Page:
Longer con rods extend the time the dwell time the piston spends at TDC, in effect it gives the mixture more time to burn (under compression) and allows for the flame front to expand completely before the piston begins to travel down the cylinder bore.
The reason why this is good is it will increase the time available to extract the energy from combustion which allows the engine to achieve a higher volumetric efficiency, the only downside to longer rods are the added weight to the reciprocating assembly and the packaging restraints of having long con rods.
There are ideal rod stroke ratios for different fuels but in the automobile 4 stroke they are nowhere near the ideal length and it is unlikely that you could ever get a long enough rod into any conventional automotive engine. You can see this when you compare automotive engines to stationary engines where there are no packaging problems, of course rpm limit adds another dimension to the problem as a longer rod weighs more and is weaker as a result at high rpm.
I seem to remember reading that an ideal rod/stroke ratio for gasoline is in the range of 6:1, this would mean a rod length of 21 inches in a small block Chevy or Ford of 350 ci displacement!! Just a little impractical in the real automotive world, but very possible in a generator set operating at low rpm.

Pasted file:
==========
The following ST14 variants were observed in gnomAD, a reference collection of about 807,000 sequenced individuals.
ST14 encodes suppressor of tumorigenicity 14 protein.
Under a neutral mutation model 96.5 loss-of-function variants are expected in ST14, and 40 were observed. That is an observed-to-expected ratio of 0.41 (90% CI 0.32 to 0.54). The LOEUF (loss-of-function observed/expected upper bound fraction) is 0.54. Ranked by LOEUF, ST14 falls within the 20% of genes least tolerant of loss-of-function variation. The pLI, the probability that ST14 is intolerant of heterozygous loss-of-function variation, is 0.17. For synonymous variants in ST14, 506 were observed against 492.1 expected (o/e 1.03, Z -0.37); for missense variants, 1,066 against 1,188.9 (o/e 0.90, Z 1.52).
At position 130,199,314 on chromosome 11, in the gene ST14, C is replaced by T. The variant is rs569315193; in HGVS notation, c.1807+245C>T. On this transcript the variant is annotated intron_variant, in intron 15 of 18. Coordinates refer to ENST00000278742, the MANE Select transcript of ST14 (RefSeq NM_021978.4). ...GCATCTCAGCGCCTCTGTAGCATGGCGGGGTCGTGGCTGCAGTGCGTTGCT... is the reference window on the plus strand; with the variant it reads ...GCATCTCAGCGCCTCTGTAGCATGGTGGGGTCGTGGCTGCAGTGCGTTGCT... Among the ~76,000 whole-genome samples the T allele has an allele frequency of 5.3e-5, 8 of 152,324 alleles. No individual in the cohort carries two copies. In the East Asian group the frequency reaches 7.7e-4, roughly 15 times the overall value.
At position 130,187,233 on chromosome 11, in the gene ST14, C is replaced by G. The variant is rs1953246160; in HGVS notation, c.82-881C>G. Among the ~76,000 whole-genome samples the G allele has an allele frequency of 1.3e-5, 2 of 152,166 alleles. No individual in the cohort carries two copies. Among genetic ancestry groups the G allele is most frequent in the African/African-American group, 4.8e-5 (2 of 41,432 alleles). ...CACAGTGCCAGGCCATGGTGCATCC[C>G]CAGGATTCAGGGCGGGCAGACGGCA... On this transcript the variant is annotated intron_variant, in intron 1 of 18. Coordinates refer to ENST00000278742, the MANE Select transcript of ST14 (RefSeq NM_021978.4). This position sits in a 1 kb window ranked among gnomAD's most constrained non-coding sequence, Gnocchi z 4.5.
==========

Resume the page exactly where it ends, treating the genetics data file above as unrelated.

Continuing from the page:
Check out this link to see how bore/stroke/rod lengths compare in aircraft and stationary engines.
<a href="http://www.prime-mover.org/Engines/index.html" target="_blank">http://www.prime-mover.org/Engines/index.html</a>
Don't miss the 100 000 HP Sultzer diesel engine.
A long rod ratio is a good thing for piston dwell and a little bit of more power, but there is another bad thing to it besides being heavier. In the case of a 347 (302)stoker kit, they usually come with a 5.4 inch rod, as oppsed to a 5.09 inch stock rod. With this rod in the stroker kit, the piston pin is pushed up into the oil control ring. So what does this mean? Well in some cases ive read that this creates unstable (wobbly) pistons at higher RPM ranges and burns oil. They make connecting rods for a 347 with a 5.31" rod which has the piston pin below the oil ring, where god and the rest of us determined it should be. Sure, the 5.4 inch rod has a better ratio, but i'll give you a million bucks if any dyno in the country could tell the difference between the two. So, longer is not always better.